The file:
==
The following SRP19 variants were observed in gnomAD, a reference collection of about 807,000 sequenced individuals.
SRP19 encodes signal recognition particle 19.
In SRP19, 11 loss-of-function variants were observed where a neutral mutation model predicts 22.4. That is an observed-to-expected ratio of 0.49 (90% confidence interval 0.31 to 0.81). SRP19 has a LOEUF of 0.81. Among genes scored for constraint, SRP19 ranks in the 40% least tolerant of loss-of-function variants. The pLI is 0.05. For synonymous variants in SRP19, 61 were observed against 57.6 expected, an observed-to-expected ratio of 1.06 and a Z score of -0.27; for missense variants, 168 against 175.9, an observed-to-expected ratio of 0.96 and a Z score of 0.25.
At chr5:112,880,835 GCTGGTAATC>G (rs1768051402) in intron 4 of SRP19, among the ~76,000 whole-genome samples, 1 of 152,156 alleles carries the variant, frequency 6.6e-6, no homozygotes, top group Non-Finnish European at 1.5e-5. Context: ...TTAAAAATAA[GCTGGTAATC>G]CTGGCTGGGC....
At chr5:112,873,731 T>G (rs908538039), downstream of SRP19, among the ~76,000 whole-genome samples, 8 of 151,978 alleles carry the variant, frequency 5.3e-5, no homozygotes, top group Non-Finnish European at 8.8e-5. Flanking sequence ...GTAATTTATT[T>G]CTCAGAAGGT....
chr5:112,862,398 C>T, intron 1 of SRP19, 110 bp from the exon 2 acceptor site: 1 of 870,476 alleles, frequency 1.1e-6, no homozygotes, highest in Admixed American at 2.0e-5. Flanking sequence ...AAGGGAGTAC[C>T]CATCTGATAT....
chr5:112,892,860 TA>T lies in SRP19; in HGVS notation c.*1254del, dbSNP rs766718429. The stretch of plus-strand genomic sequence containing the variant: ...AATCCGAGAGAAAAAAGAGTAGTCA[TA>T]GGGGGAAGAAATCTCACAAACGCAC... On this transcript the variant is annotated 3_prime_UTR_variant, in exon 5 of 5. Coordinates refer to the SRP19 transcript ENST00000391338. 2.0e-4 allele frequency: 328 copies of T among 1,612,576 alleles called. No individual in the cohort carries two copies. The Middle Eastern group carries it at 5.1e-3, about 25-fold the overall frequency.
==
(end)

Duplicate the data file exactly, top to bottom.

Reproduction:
The following SRP19 variants were observed in gnomAD, a reference collection of about 807,000 sequenced individuals.
SRP19 encodes signal recognition particle 19.
In SRP19, 11 loss-of-function variants were observed where a neutral mutation model predicts 22.4. That is an observed-to-expected ratio of 0.49 (90% confidence interval 0.31 to 0.81). SRP19 has a LOEUF of 0.81. Among genes scored for constraint, SRP19 ranks in the 40% least tolerant of loss-of-function variants. The pLI is 0.05. For synonymous variants in SRP19, 61 were observed against 57.6 expected, an observed-to-expected ratio of 1.06 and a Z score of -0.27; for missense variants, 168 against 175.9, an observed-to-expected ratio of 0.96 and a Z score of 0.25.
At chr5:112,880,835 GCTGGTAATC>G (rs1768051402) in intron 4 of SRP19, among the ~76,000 whole-genome samples, 1 of 152,156 alleles carries the variant, frequency 6.6e-6, no homozygotes, top group Non-Finnish European at 1.5e-5. Context: ...TTAAAAATAA[GCTGGTAATC>G]CTGGCTGGGC....
At chr5:112,873,731 T>G (rs908538039), downstream of SRP19, among the ~76,000 whole-genome samples, 8 of 151,978 alleles carry the variant, frequency 5.3e-5, no homozygotes, top group Non-Finnish European at 8.8e-5. Flanking sequence ...GTAATTTATT[T>G]CTCAGAAGGT....
chr5:112,862,398 C>T, intron 1 of SRP19, 110 bp from the exon 2 acceptor site: 1 of 870,476 alleles, frequency 1.1e-6, no homozygotes, highest in Admixed American at 2.0e-5. Flanking sequence ...AAGGGAGTAC[C>T]CATCTGATAT....
chr5:112,892,860 TA>T lies in SRP19; in HGVS notation c.*1254del, dbSNP rs766718429. The stretch of plus-strand genomic sequence containing the variant: ...AATCCGAGAGAAAAAAGAGTAGTCA[TA>T]GGGGGAAGAAATCTCACAAACGCAC... On this transcript the variant is annotated 3_prime_UTR_variant, in exon 5 of 5. Coordinates refer to the SRP19 transcript ENST00000391338. 2.0e-4 allele frequency: 328 copies of T among 1,612,576 alleles called. No individual in the cohort carries two copies. The Middle Eastern group carries it at 5.1e-3, about 25-fold the overall frequency.